One of my concerns about Brett Gardner this spring was how patient he would truly be. He was exceptionally patient last season. As I wrote in this year’s Baseball Prospectus book, in the short history of recording how many pitches a batter saw per plate appearance, no hitter has taken as many pitches as Gardner did last year. He was patient before that, but hadn’t reached the level of pathological taking that he reached after getting hurt last fall. I worried that the injury was the only thing making him so picky, and that once he felt better he would walk less. As much as I love players who walk, more of an ability to hit would probably do Gardner and the Yankees some good, as he hit only .232/.363/.340 with that approach as opposed to .321/.403/.418 before. In an ideal world, he would maintain the obsessively persnickety approach while also regaining the ability to drive the ball for hits. Then he would be a true superman.
That’s probably too much to hope for, given that Gardner didn’t profile as the rare high-average/high walk player at any other time in his career. There aren’t too many hitters who match this description, and in the modern era almost all of them are power hitters, not Gardner types. There are exceptions, like Lenny Dykstra in 1990, Brett Butler in 1991, or Roberto Alomar in 1992. Butler might ultimately prove to be the best comp for Gardner, and not just because they share the same first name. Both were short centerfielders with speed who didn’t get a chance to play regularly until they were 26. Butler was just a league-average guy at 27, but broke out as a championship-quality player at 28 and proceeded to put together a ten-year run of quality seasons, hitting .298/.387/.388 and walking over 80 times a year. I’m not saying that Gardner will do that; I see it as a picture of the upside should he somehow manage to combine the two versions of him we saw last season. More likely he doesn’t take the same leap forward, or fails to stay healthy, and has a long run as a fourth outfielder type.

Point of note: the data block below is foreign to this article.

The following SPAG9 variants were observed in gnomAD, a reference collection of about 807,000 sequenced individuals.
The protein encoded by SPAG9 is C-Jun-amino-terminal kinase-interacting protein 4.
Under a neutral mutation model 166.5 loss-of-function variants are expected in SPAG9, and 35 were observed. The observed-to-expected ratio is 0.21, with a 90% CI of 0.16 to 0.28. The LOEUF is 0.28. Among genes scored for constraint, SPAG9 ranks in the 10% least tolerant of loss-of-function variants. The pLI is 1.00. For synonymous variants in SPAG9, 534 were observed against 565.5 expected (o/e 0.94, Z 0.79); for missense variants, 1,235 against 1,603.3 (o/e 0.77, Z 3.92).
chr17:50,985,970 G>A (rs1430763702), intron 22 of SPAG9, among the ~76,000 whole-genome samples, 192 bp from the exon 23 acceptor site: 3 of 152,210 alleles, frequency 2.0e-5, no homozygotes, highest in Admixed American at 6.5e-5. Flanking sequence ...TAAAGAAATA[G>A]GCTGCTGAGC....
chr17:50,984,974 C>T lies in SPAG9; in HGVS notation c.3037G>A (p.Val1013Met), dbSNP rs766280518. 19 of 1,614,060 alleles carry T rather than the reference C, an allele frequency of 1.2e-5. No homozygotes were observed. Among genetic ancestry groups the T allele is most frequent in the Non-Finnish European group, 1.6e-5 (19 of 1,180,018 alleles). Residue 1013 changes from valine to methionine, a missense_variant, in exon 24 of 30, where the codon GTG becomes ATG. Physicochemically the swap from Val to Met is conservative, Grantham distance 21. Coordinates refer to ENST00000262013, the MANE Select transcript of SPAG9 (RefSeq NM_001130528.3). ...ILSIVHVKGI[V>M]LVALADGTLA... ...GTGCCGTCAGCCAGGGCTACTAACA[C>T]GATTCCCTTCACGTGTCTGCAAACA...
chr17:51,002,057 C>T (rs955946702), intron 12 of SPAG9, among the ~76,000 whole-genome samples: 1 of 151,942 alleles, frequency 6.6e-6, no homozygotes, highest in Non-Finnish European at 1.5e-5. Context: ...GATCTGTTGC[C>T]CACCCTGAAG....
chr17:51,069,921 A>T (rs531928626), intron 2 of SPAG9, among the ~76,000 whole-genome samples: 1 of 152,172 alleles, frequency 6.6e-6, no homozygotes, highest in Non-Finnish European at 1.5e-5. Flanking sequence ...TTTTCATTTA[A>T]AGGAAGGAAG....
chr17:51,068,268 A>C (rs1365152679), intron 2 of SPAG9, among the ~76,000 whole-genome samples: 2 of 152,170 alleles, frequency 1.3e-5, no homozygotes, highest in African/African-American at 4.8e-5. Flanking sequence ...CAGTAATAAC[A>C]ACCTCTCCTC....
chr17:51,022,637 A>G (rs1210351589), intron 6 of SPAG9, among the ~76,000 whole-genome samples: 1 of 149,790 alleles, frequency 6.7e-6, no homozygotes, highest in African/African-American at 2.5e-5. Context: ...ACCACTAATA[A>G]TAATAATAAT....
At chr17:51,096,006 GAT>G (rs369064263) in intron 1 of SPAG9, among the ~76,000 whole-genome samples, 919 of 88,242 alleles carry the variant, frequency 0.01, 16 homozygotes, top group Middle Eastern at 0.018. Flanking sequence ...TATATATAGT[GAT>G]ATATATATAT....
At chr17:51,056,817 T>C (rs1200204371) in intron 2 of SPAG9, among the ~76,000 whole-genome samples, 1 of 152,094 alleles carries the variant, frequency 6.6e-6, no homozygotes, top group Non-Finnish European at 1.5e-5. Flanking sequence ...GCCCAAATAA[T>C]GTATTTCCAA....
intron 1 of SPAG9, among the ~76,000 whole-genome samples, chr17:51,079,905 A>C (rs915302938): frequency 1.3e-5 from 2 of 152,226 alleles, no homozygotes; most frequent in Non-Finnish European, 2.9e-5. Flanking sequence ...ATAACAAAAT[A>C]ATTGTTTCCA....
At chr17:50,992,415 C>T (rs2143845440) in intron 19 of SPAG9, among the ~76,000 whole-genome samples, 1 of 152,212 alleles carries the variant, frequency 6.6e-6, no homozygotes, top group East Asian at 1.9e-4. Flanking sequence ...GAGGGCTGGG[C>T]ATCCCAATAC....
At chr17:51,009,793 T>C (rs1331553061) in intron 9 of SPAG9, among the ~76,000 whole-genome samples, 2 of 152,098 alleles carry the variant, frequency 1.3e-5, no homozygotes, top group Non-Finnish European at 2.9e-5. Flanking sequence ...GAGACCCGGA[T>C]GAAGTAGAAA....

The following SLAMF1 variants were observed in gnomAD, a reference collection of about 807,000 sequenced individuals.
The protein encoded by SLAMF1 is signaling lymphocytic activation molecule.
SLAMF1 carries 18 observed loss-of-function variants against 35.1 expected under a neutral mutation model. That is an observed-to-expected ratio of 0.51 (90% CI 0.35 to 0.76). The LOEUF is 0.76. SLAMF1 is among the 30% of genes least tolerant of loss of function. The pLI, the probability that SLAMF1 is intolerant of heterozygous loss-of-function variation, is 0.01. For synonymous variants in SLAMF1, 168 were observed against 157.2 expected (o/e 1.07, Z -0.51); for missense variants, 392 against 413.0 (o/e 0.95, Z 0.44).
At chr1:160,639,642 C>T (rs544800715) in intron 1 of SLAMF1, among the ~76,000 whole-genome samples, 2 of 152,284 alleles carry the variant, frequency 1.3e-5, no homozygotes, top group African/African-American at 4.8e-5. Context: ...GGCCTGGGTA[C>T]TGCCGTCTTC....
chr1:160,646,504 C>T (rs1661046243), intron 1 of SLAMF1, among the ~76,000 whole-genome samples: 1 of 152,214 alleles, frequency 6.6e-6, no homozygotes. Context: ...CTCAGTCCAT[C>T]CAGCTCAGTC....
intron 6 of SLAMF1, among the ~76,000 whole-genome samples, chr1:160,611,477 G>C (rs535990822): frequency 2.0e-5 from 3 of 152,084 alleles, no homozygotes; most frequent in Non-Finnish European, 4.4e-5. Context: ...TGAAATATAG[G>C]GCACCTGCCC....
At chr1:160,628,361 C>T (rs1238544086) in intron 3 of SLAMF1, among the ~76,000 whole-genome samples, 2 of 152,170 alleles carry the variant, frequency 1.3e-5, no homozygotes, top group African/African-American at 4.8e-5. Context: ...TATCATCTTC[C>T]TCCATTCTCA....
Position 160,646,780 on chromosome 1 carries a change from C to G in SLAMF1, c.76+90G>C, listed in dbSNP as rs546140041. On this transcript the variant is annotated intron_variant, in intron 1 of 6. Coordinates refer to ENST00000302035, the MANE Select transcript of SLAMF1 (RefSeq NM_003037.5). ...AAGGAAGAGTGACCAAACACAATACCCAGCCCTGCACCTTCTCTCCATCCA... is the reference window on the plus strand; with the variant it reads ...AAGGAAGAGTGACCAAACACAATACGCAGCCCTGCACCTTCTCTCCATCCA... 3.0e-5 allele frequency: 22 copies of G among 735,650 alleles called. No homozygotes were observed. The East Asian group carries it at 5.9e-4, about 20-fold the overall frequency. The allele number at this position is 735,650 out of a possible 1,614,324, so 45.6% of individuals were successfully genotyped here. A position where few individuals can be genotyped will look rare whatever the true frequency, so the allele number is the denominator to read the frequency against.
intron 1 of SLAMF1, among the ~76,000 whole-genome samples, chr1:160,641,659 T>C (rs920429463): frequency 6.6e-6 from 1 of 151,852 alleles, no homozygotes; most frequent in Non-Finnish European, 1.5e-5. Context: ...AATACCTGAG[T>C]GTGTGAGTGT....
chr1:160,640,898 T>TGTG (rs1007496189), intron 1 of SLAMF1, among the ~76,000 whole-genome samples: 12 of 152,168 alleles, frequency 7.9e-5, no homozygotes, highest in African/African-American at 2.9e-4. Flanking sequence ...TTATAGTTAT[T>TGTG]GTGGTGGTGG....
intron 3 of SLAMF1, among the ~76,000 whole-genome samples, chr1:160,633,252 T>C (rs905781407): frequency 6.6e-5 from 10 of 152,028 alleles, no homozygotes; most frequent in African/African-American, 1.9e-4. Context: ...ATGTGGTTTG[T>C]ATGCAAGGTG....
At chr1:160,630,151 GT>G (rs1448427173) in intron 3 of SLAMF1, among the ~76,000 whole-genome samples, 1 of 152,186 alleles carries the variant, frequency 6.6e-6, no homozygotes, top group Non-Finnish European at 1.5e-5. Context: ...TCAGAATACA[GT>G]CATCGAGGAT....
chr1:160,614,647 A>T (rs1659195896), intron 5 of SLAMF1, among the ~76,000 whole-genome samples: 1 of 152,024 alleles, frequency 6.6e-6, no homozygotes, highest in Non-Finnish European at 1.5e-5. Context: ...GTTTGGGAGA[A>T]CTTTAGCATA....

It’s dangerous taking too much from the windblown hits of Florida, but this spring we’ve seen yet a third Gardner. The walk rate is even higher—post-injury, Gardner walked once every six plate appearances. Now it’s once every five. He’s also piling up more extra-base hits. Last season, he slugged just .379 overall, slugging a double, triple, or home run in just seven percent of his at-bats. He’s slugging .459 this spring, and already has five doubles and a triple in just 37 at-bats, which is sixteen percent. He’s only averaging .270, but when you reach base and move around them as well as he has, the average isn’t going to hurt you.
Again, there is no guarantee that Gardner is going to play at this level or in this style once the regular season comes and pitchers start working him with his best stuff and the bruises begin wearing on him. The omens look favorable though, that health has not robbed him of the best aspects of his approach. That would have been a bitter irony.
Last Appearance Reminder: Princeton, NJ Tonight
Due to remodeling, we didn't get to make our annual pilgrimage to the Yogi this year, so Princeton is standing in. Come see Jay, Cliff, and myself as well as BPers Ben Lindbergh, Matt Swartz, and Tommy Bennett at
Princeton, NJ, Wednesday, March 23, 7 PM
Barnes & Noble, Marketfair
3535 Us Route 1, Princeton, NJ